Pied Kingfisher (Ceryle Rudis)
Ceryle rudis is a medium-sized kingfisher and has the distinctive kingfisher body type, with a large head, small body, small feet, and long, dagger-like bill. They have distinctive black and white coloration, spotted on the wings, and with a black crown on the head.
Pied kingfishers occur in sub-saharan African, the Middle East, the Asia mainland, and southern China. They are common in sub-saharan Africa, along the Nile, and east Egypt. In Pakistan, they are widely distributed across Punjab and the Sind plains. They are rare in Cyprus, Greece, and Poland.
The typical body length is 25 to 29 cm, wing length is 13.3 to 14.2 cm, and tail length is 6.6 to 7.4 cm. There are no size differences between male and female birds.
Pied kingfishers live along streams, lakes, rivers, estuaries, irrigation ditches, canals, bays, floodlands, and reedy inlets. Near mountainous areas, they live in lower river valleys. They usually avoid mangroves and large swamps. The habitat of C. rudis ranges from seashores up to 2,500 m above sea level. They are less abundant near fast flowing waters.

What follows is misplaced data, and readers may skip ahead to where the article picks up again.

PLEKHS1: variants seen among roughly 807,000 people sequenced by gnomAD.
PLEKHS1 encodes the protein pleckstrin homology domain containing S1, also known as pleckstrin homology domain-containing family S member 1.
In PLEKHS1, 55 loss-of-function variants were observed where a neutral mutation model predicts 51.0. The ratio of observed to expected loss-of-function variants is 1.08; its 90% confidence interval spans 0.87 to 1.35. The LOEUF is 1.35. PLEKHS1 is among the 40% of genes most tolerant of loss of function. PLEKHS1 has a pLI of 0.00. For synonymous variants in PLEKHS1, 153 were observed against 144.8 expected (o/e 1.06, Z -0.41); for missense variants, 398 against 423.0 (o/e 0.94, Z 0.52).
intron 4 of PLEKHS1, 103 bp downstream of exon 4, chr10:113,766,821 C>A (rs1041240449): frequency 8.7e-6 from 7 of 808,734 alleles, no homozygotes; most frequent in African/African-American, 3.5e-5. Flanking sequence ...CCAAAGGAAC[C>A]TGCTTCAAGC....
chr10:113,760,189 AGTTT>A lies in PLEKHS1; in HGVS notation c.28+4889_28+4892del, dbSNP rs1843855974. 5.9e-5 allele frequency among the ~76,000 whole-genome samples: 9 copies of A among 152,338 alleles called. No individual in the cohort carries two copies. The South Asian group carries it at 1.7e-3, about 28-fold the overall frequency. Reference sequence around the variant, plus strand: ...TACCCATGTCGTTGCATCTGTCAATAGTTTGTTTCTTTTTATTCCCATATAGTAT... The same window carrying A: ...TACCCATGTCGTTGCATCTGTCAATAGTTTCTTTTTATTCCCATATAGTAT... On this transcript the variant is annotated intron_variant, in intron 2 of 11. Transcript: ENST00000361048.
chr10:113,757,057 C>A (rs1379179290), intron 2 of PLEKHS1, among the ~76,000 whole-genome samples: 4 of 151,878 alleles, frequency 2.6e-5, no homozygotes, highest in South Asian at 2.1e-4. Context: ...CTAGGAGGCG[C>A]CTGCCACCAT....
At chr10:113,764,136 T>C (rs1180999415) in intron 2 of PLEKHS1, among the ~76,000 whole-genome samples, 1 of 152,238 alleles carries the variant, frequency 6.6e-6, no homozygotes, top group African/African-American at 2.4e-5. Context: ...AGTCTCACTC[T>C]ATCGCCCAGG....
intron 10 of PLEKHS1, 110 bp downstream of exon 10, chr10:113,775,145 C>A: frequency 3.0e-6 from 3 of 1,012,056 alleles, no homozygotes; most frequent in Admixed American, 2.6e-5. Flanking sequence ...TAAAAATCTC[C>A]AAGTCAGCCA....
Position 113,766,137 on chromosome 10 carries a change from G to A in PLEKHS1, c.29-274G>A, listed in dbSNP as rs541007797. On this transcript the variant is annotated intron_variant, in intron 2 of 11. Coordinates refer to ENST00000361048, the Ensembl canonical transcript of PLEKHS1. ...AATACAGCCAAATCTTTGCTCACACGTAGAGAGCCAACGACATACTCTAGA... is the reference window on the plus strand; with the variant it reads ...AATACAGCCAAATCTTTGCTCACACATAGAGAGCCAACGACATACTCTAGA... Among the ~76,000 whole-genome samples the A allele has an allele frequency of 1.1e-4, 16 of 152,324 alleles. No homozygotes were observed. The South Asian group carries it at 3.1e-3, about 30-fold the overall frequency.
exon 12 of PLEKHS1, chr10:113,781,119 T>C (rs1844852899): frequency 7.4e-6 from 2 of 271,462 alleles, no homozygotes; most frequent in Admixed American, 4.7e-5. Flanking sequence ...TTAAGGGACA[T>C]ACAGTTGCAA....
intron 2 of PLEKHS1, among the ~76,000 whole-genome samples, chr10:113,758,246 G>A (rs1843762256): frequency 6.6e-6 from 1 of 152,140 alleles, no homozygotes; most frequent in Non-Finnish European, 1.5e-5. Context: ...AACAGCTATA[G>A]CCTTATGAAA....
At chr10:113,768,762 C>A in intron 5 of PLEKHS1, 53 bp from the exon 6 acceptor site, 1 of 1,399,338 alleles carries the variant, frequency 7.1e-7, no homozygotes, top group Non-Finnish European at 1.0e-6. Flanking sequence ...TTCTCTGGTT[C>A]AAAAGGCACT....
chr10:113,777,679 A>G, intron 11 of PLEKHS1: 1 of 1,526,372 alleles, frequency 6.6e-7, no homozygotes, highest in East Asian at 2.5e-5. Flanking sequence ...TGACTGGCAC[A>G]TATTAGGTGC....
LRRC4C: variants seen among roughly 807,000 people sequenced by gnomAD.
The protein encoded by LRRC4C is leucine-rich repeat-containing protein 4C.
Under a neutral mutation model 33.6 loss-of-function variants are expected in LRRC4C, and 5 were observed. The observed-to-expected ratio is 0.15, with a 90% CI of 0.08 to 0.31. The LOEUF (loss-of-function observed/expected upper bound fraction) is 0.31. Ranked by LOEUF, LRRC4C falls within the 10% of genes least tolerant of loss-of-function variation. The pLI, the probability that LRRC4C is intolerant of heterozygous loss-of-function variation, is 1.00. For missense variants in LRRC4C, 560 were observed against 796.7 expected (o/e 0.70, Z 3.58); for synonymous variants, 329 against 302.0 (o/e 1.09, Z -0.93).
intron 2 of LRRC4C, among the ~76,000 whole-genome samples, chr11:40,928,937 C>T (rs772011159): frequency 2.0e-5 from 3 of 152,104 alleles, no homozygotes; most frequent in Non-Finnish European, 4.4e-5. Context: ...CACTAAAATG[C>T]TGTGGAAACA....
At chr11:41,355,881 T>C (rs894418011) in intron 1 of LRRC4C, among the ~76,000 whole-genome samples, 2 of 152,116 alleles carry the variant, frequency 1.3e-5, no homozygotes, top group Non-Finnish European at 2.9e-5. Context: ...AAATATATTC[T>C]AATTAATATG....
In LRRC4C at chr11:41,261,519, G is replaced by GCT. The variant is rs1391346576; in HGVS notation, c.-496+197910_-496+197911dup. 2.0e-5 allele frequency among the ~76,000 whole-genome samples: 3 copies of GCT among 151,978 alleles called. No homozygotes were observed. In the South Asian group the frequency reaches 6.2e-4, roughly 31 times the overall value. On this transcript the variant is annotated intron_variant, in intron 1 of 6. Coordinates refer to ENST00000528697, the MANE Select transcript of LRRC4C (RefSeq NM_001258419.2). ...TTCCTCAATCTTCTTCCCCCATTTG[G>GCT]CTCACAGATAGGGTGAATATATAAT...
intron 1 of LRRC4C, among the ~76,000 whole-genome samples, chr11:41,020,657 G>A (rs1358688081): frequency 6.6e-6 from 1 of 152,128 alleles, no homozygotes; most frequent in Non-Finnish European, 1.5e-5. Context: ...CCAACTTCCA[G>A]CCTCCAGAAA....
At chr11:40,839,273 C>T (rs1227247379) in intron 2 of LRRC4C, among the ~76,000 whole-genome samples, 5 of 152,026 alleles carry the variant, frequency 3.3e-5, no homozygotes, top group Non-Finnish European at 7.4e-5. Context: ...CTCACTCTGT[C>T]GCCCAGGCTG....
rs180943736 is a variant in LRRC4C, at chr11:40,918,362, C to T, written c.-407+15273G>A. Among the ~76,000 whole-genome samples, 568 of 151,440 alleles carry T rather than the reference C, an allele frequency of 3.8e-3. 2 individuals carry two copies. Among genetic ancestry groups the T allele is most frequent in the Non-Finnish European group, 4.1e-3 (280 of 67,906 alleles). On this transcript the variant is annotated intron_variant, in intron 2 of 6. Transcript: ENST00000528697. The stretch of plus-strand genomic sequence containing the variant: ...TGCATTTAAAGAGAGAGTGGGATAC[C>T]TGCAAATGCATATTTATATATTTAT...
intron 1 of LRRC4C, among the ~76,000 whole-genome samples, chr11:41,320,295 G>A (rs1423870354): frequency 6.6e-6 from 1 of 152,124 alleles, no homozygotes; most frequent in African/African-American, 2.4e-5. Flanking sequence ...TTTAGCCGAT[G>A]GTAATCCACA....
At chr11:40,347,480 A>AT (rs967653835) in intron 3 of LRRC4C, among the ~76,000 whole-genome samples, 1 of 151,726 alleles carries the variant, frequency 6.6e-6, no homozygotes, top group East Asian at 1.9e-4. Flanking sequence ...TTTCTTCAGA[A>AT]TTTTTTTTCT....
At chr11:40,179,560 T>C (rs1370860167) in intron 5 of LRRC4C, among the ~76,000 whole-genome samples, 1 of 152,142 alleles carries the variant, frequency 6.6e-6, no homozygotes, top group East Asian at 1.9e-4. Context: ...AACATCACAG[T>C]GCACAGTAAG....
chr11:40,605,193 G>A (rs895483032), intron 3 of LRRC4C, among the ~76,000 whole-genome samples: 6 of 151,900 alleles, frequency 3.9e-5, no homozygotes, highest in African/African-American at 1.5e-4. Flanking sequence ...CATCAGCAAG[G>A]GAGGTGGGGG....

Courtship involves dancing displays and males offering food to females. Dancing displays are gregarious and done with 3 to 12 males at one time. They noisily call to each other while holding their wings half spread and may also engage in fights by interlocking their beaks or holding their wings. Males attract females by offering food over a period of about three weeks.
Pied kingfishers breed in winter in northern and southern parts of their range and breed in any month near the equator. Pairs are monogamous, and both sexes assist in digging nest holes in soft earth.
Pied kingfishers primarily eat fish. Unlike other kingfishers, pied kingfishers swallow their fish in flight after plunging. Pied kingfishers may also take aquatic insects, crustaceans, and ,more rarely, amphibians and mollusks.
Pied kingfishers are not currently threatened. They are rather abundant and are the most common species of kingfisher throughout their range.
Species:: Ceryle rudis